Monday, August 31, 2009

An Unsolved Mystery

On a cold February day in 1860, twin boys were born to Mary Jane Gaull. The first she named George. The second, born about one hour later, she named John after her father. The birth registration does not list the father's name but if Scottish naming convention was followed, George was likely named after his paternal grandfather.

The next year, in 1861, a census was taken in Scotland. John Gaull (pictured to the left in a 1928 photo) can be found living with his mother and her parents, John Gaull and Mary Christie, on the family farm in Whitehaugh, Chapel-of-Garioch, a small Aberdeenshire village. George on the other hand was living several miles away in Inverurie, listed as a "boarder" with the family of James and Isabella Hoey. What brought about this circumstance is unknown. George seems to have gone through life using only the Irvine surname whereas his twin brother, John continued to use the Gaull surname that he was registered with at birth.

By 1881, George had moved away from Aberdeenshire to Airdrie, just west of Glasgow where he boarded with Mrs. Janet Watt, a widow, at 48 High Street. George married Mrs. Watt's daughter Isabel in December 1883.

There has been a lot of research on the connection between twins - feeling each other's pain, sharing the same thoughts, etc. There is no evidence that I've found that George and John had much interaction, no family stories about them and no family photos of the two of them together. But - each named a son after the other. John named his son George Irvine Gaull and George named his son, John Gaull Irvine. It seems clear that they knew of their close fraternal relationship and as fitting tribute, they honoured it through the naming of their sons.

Sunday, August 30, 2009

The Familiy Left Behind

For many of us, Canada is "our home and native land." But our ancestors, whether it be two, three, or more generations ago, were immigrants to this land. When they left their country of birth, Scotland or Ireland in the case of my ancestry, they also left their families. This often meant little or no future contact with the loved ones who remained. Without the modern opportunity for instant messaging, emailing photos, or free Skype calls, months or years could pass between letters and news from 'back home.'

Technology and electronic media have made this an exciting time to research family history. Not only has the digital age made records available through the Internet but it has provided new opportunities for collaboration and reconnection with long lost family members. I have been amazed with the number of cousins with whom I have been able to give and receive family updates. In some cases, these 'found' cousins have explained that they had heard of the family members that left for Canada many years ago but assumed that family branch had 'died out.'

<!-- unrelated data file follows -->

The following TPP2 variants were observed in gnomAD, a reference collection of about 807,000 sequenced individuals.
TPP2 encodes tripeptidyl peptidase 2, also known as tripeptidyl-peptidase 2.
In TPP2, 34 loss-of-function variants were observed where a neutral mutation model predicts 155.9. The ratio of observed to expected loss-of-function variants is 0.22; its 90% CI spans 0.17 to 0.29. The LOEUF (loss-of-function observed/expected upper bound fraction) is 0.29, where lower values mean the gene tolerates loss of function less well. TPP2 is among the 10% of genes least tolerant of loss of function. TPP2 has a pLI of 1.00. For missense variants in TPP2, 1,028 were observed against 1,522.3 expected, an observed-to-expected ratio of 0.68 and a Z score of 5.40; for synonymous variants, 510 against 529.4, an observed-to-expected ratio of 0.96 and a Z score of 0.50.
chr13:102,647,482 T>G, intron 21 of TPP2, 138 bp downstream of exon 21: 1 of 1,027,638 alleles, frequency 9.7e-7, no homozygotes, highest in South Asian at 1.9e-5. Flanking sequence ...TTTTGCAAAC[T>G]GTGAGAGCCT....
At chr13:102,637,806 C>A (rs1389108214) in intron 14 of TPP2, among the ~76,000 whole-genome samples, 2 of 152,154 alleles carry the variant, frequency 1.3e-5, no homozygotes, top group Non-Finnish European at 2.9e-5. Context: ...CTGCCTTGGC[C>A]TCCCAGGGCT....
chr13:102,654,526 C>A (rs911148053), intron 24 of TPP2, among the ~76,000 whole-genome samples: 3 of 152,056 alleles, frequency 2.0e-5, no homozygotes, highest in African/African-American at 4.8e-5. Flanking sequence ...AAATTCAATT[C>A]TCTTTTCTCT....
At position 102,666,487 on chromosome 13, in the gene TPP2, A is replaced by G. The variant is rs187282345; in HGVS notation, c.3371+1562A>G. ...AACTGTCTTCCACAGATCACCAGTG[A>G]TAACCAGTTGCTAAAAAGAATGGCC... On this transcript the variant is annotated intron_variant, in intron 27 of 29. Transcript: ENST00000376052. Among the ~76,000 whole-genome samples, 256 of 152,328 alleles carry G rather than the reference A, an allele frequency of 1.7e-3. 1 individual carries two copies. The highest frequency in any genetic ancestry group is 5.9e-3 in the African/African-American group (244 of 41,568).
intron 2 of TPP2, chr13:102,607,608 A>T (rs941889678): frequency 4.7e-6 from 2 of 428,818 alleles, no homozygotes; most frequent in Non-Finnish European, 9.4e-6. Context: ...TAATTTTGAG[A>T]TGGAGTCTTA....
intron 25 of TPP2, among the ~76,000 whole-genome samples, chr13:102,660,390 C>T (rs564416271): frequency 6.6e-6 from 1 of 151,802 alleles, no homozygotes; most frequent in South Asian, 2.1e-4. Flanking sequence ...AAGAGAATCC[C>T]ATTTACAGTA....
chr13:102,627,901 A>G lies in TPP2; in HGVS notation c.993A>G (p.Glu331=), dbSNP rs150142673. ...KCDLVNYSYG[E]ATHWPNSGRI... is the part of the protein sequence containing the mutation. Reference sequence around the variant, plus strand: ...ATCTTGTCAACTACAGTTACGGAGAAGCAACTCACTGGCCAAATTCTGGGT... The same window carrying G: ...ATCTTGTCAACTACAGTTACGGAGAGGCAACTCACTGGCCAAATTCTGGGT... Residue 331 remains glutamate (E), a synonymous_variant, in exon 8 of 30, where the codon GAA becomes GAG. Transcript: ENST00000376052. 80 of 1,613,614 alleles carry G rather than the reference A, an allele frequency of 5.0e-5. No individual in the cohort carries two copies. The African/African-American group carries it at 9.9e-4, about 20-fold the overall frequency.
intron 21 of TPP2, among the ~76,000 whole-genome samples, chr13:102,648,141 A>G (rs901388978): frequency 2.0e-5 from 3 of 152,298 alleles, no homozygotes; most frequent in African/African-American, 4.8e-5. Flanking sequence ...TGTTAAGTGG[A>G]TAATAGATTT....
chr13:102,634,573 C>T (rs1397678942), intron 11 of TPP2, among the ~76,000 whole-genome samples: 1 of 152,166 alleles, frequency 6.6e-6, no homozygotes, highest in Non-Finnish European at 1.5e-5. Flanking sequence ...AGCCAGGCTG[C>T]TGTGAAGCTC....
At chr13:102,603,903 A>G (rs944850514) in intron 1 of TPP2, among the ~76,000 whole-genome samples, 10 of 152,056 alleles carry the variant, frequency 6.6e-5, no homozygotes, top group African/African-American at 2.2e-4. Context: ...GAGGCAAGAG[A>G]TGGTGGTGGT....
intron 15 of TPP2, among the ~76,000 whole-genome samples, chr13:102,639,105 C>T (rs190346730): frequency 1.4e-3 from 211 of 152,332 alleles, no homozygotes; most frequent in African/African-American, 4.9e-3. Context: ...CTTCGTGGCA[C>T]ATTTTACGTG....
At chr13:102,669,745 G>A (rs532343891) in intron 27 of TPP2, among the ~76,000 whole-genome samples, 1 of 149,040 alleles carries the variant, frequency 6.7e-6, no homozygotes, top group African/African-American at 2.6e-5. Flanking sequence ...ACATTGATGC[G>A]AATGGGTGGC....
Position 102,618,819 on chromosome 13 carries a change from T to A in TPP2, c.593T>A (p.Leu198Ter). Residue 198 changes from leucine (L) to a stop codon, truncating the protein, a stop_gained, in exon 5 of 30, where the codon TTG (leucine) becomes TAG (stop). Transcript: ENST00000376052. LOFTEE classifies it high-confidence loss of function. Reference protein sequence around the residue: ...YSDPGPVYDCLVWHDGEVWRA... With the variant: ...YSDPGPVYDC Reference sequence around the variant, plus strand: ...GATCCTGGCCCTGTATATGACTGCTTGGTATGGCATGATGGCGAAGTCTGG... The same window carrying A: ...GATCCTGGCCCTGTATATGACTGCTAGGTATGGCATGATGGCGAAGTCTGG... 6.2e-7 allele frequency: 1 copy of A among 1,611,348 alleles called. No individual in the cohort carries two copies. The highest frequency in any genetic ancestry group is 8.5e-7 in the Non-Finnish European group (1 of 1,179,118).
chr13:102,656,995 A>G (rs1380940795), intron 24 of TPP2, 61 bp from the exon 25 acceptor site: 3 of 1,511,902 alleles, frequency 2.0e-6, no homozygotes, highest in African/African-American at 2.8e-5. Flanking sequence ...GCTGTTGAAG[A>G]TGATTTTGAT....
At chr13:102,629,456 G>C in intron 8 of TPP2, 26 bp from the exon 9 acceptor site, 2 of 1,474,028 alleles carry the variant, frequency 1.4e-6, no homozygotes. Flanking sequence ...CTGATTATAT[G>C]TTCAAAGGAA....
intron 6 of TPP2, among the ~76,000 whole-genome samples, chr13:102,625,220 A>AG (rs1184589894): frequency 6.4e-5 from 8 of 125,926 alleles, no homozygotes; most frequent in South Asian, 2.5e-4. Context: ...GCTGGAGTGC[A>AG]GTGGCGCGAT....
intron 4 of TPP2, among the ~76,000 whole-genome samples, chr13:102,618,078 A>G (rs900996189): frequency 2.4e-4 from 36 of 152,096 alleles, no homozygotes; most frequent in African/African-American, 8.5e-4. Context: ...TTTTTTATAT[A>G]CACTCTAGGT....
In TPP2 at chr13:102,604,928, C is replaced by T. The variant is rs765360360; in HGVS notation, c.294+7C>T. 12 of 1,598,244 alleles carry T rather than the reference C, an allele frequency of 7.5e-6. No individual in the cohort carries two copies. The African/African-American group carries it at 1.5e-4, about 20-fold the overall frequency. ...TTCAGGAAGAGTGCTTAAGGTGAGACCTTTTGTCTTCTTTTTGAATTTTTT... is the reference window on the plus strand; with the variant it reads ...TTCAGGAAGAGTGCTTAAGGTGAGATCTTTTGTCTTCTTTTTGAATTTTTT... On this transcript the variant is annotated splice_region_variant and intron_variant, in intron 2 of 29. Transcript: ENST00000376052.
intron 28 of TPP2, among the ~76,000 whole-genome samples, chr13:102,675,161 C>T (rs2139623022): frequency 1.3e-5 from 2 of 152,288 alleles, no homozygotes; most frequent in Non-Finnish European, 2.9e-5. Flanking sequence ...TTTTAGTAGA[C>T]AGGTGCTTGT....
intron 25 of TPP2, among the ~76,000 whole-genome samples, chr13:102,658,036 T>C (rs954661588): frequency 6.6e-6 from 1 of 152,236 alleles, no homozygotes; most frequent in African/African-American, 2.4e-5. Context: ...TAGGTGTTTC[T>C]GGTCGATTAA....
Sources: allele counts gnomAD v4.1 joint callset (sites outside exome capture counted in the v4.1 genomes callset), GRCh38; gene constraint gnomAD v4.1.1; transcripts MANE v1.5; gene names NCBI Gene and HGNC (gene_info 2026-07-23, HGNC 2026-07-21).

For example, I have 'met' Margaret Shand, my third cousin twice removed. I was able to 'connect' with Margaret when I saw, as typically occurs, that the family members she was researching, I was also researching. As we discovered, her father Alexander Shand was the second cousin of my grandfather, John Gauld Hadden. Due to a number of factors, I don't believe that Alexander and John ever met and perhaps likely never knew of each other and their relationship. When Margaret and I shared family photos, we were struck by the family resemblance between Alexander and John. Both are pictured above and perhaps might be taken more as brothers than cousins who didn't know one another.

The lesson for genealogists, both novice and experienced, is to reach out to other genealogists as I have found they are always willing to share and, often you will find your family circle getting just a little bit larger.

Saturday, August 29, 2009

When Tragedy Strikes

I have noted that one of the great influences of our ancestor's lives was tragedy. Such seems to be the case for Ellen's grandfather, Edward Arthur Latimer (pictured on the right). His father, also an Edward, had immigrated to Canada from his native Ireland in 1864, landing in Quebec City from where he made his way to the village of Seaforth in south-west Ontario. Edward (Sr.) was a shoemaker by trade and he quickly established himself at that business in the farming community. In 1872, he married Theresa Delmage, the widow of Richard Sparling. Theresa entered her new marriage with four children and all indications are that Edward raised them as if they were his own. As the years went by, Edward and Theresa welcomed five more children into the world, the third of their children being Edward Arthur born in 1877.

In November 1899, Edward Arthur Latimer married nineteen year old Harriet Elisabeth Sooles who like Edward had be born and raised in Seaforth. They quickly settled into a house on John Street near the centre of the village and on February 1, 1901, Harriet gave birth to their first born, a daughter who they named Harriet Sooles Latimer. All did not go well however and on the same day that she gave birth to her daughter, Harriet died as a result of eclampsia and complications from the birth. One can only imagine the bitter sweet shattering of Edward's world that would only be compounded seven months later when baby Harriet died from what was referred to at the time as dentitis - complications from teething. Edward soon left Seaforth and headed west, eventually finding his way to Livermore, California, now part of the city of Oakland.